In 1988, Ashton-Tate finally launched dBASE IV after numerous delays. By this time, FoxPro was starting to gain more ground in the database market. The cost of dBASE IV was between $795 and $1,295. It offered "Query by Example" like Paradox, an improved user interface over dBASE III+, and a SQL interpreter.

Confidence in dBASE plummeted with the release of dBASE IV, which was unstable and lacking in functionality compared to other offerings at the time. This caused consumers (mostly businesses) to migrate to the new, better database products.

"Over the past year, users' growing awareness of seemingly limitless anomalies has turned the reserved praise Dbase IV once enjoyed into bewilderment and distrust.

Dbase IV was such an improvement over DBase III Plus that its introduction was met mostly with enthusiasm. The Control Center was actually easy to use - a Dbase first. The query-by-example module that Paradox made so popular on the PC was a welcome move. Dbase IV introduced a more versatile screen and reports designer, and replaced an obscure utility with a real applications generator. The production index file was perhaps least visible but very significant. It was the first step taken by Ashton-Tate to eliminate the need for continual reindexing as a characteristic of Dbase applications.

As Dbase IV received a more rigorous workout over time, however, the importance of all these issues was undercut by a steady stream of glitches. In a few short months, owners of Dbase IV found themselves participants in one of the biggest unplanned beta-test projects the software industry has ever seen. "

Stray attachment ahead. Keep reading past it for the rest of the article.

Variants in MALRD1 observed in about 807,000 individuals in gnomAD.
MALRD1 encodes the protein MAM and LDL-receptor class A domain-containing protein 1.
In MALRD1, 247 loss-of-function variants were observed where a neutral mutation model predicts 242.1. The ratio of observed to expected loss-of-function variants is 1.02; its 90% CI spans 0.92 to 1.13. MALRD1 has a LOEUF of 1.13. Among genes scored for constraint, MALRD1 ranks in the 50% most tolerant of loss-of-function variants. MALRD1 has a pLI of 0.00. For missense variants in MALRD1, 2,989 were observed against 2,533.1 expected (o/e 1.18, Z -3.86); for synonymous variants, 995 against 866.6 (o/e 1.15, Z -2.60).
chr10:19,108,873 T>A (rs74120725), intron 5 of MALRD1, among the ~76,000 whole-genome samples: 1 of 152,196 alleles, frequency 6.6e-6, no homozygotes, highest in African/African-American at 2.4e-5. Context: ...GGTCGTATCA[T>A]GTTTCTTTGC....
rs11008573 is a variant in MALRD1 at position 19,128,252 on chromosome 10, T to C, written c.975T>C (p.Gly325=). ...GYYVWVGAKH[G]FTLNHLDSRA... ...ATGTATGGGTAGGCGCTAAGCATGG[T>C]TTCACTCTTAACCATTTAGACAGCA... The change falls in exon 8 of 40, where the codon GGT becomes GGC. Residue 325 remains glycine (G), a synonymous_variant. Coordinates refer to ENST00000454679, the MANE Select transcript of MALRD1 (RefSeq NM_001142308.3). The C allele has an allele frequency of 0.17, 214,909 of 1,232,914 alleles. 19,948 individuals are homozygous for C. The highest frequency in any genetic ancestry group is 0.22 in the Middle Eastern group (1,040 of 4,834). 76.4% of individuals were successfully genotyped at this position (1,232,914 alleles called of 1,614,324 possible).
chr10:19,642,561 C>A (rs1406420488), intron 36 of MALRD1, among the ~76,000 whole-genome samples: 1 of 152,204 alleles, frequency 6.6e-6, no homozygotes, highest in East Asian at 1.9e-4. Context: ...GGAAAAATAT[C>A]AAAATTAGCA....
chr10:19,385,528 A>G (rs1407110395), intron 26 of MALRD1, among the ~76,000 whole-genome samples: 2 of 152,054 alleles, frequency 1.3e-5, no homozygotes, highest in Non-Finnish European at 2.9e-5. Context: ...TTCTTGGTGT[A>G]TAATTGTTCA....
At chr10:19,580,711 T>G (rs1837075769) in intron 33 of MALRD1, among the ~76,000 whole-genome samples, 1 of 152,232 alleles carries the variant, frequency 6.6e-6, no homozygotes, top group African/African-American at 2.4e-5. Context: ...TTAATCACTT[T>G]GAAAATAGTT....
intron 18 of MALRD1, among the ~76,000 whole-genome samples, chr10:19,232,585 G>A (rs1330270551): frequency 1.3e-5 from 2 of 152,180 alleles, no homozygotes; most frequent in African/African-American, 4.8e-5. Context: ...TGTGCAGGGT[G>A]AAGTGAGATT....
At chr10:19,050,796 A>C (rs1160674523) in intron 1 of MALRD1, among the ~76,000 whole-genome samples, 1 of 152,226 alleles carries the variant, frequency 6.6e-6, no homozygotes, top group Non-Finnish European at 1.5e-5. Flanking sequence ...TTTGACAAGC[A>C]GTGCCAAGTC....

Info World, January 1992


This same year, Ashton-Tate filed a lawsuit against Fox Software and SCO (Santa Cruz Operation) who marketed the UNIX and XENIX versions of the Fox products, on the grounds of copyright infringement. This, and a flawed design of dBase IV 1.0 caused dBase to lose ground in the market which resulted in financial difficulties for Ashton-Tate. They had previously been responsible for setting the language standard for databases, known as the dBase standard, but this soon led to a rival community comprising Fox Software, Nantucket (makers of Clipper), Alpha Software, and more, creating a broader standard which was dubbed "xBase", and included such things as an anticipated data file format, index file formats and would soon extend to data dictionaries. The lawsuit was thrown out in December 1990 because Ashton-Tate had failed to disclose that dBASE had been based in part on the public domain JPLDIS.

An advertisement of dBASE IV v1.1 (September 1990)

The Borland Acquisition

In September 1991, Borland International bought out Ashton-Tate, including their dBase and InterBase databases. dBase had been the market leader in the world of databases for many years. After the buyout, Borland committed to continuing and expanding the power of the XBase standard with new versions of dBase and InterBase.

The data base market was in fierce competition at this time, and in 1992 Microsoft launched Access having acquired Fox Software and their FoxPro database product. Ashton-Tate's acquisition turned out to be very costly for Borland, with its product line not designed well for an evolutionary move to a Windows GUI.

The early 90s saw a transition of Borland away from being the dominant force across all its product categories. They still held a solid market share in the software development tools space, but dBase was earning it the majority of its overall revenues, and with no Windows version in sight in 1991, in 1992 they embarked on a complete rewrite.


An advertisement of Borland's dBase Compiler, November 1993